1. i_plod_an_dr_void's Avatar
    Just perused this from the Electronic Frontier Foundation...essentially I gathered that NETFLIX has to inject secret 'drm' code into the browser (proprietary code for its key obfuscation) as a new DRM (Digital Rights Management) standard for W3C browser recommendations.... and so one assumes, it didn't want to for bb10 browser.
    Interesting read otherwise about the open-web ,w3c standards and whether 'the open' is now closing with the help of some DRM over-reach. Sure everyone wants to protect Property rights but this article seems to propose something more onerous is at play...for the 'supposed owners' (consumers) of eletronic devices. Certainly worth a ponder.

    https://www.eff.org/deeplinks/2017/1...e-need-do-next

    ...and yes because of this approach maybe they'd only want to support the largest smartphone os's broswers only (albeit -maybe not too wise on their part). So small market share isn't the sole issue for BB10. How do you secure a broswer if a 3rd party injects unreviewable secret DRM code into it, doing who knows what? leaving who knows what vulnerabilities in the course of doing so.
    12-19-17 02:56 PM
  2. Dunt Dunt Dunt's Avatar
    If you don't like it... don't use NETFLIX.

    As for BB10... it's over, at this point it doesn't really matter why.
    12-19-17 03:35 PM
  3. Bla1ze's Avatar
    I dunno what you're getting at with the whole BB10 thing. It's pretty obvious why there was no BB10 version -- they didn't want to develop it. It's why people used the Android version. At this point, it doesn't even matter.
    anon(9803228) likes this.
    12-19-17 03:35 PM
  4. i_plod_an_dr_void's Avatar
    If you don't like it... don't use NETFLIX.

    As for BB10... it's over, at this point it doesn't really matter why.
    Uh....this is a bb10 discussion group...it doesn't matter if it is over or not. If you don't see any point in discussing bb10 in a bb10 discussion group, then perhaps some self-restraint in posting would be in order.....as for NETFLIX, I guess you didn't read the article, or didn't understand the point. The W3C governing body is the reason for interoperability of anything internet related.
    As for why BB10 is over, it is very much edifying to see the why's under the hood.

    There is more afoot than just bb10's causal demise it would seem. Though I guess maybe you don't see the point of an autopsy either - in mysterious death cases......and since Banaby Jones and Quincy are in re-runs....and I've gone through most of Father Brown mysteries....the cold-phone case of BB10 is a rather interesting one.
    markus2107 likes this.
    12-19-17 03:50 PM
  5. conite's Avatar
    There is more afoot than just bb10's causal demise it would seem.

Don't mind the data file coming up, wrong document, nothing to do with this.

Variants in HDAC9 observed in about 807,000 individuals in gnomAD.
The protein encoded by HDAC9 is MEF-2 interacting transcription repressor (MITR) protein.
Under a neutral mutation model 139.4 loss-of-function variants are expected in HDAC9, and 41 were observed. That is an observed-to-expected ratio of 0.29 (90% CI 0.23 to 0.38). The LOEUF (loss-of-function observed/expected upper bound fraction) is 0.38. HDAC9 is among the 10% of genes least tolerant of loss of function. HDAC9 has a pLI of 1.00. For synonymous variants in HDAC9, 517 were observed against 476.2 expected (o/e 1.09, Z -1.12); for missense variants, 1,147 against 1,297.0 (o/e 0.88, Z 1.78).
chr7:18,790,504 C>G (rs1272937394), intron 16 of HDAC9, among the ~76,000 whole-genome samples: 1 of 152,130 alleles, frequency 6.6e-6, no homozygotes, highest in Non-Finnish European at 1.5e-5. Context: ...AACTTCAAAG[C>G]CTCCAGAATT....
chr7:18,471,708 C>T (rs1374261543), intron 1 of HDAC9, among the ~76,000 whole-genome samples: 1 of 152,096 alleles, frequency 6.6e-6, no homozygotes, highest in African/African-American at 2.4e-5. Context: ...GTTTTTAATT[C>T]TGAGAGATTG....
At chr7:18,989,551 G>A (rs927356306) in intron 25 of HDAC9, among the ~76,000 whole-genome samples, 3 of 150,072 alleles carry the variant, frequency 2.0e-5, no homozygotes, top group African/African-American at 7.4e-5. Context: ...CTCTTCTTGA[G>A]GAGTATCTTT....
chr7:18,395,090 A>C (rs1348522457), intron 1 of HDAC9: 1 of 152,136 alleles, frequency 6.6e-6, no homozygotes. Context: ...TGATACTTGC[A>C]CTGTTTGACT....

Only in the upside-down. Not here.
    12-19-17 04:28 PM
  6. Ecm's Avatar
    Only in the upside-down. Not here.
    Lol. I get that reference. Just binged both seasons!
    12-19-17 04:36 PM
  7. i_plod_an_dr_void's Avatar
    Only in the upside-down. Not here.
    I'm thinking more of a "stranger than fiction" angle here....
    12-19-17 04:54 PM
  8. Chuck Finley69's Avatar
    Uh....this is a bb10 discussion group...it doesn't matter if it is over or not. If you don't see any point in discussing bb10 in a bb10 discussion group, then perhaps some self-restraint in posting would be in order.....as for NETFLIX, I guess you didn't read the article, or didn't understand the point. The W3C governing body is the reason for interoperability of anything internet related.
    As for why BB10 is over, it is very much edifying to see the why's under the hood.

    There is more afoot than just bb10's causal demise it would seem. Though I guess maybe you don't see the point of an autopsy either - in mysterious death cases......and since Banaby Jones and Quincy are in re-runs....and I've gone through most of Father Brown mysteries....the cold-phone case of BB10 is a rather interesting one.
    I understand both sides here. At this point, the reason is probably low market share mixed with minimal BB10 support on BlackBerry side. BlackBerry just doesn't care and isn't spending any resources it doesn't have too. Netflix, or any other company will protect digital rights like Apple did with original iTunes to protect legally entitled profits. If they go to far, thats what the courts are for.
    12-19-17 05:03 PM
  9. Bla1ze's Avatar
    There is more afoot than just bb10's causal demise it would seem. Though I guess maybe you don't see the point of an autopsy either - in mysterious death cases......and since Banaby Jones and Quincy are in re-runs....and I've gone through most of Father Brown mysteries....the cold-phone case of BB10 is a rather interesting one.
    I get it like.. Dirk Gently. Everything is connected.

    Also, while you're busy reading. You should REALLY read the REST of the articles relating to the same thing on the same blog, you know, by the same author. It might help prevent you from pondering so much and actually find some answers, though, I promise, they won't relate to BlackBerry 10.

    https://www.eff.org/about/staff/cory-doctorow
    12-19-17 05:30 PM
  10. Invictus0's Avatar
    Netflix and BlackBerry have a weird history going back to at least the PlayBook.

    That being said, I don't know what this has to do with BB10 specifically. Netflix streaming has never worked on the browser (possibly on any mobile platform, I think they just redirect you to the app).
    12-19-17 05:40 PM
  11. i_plod_an_dr_void's Avatar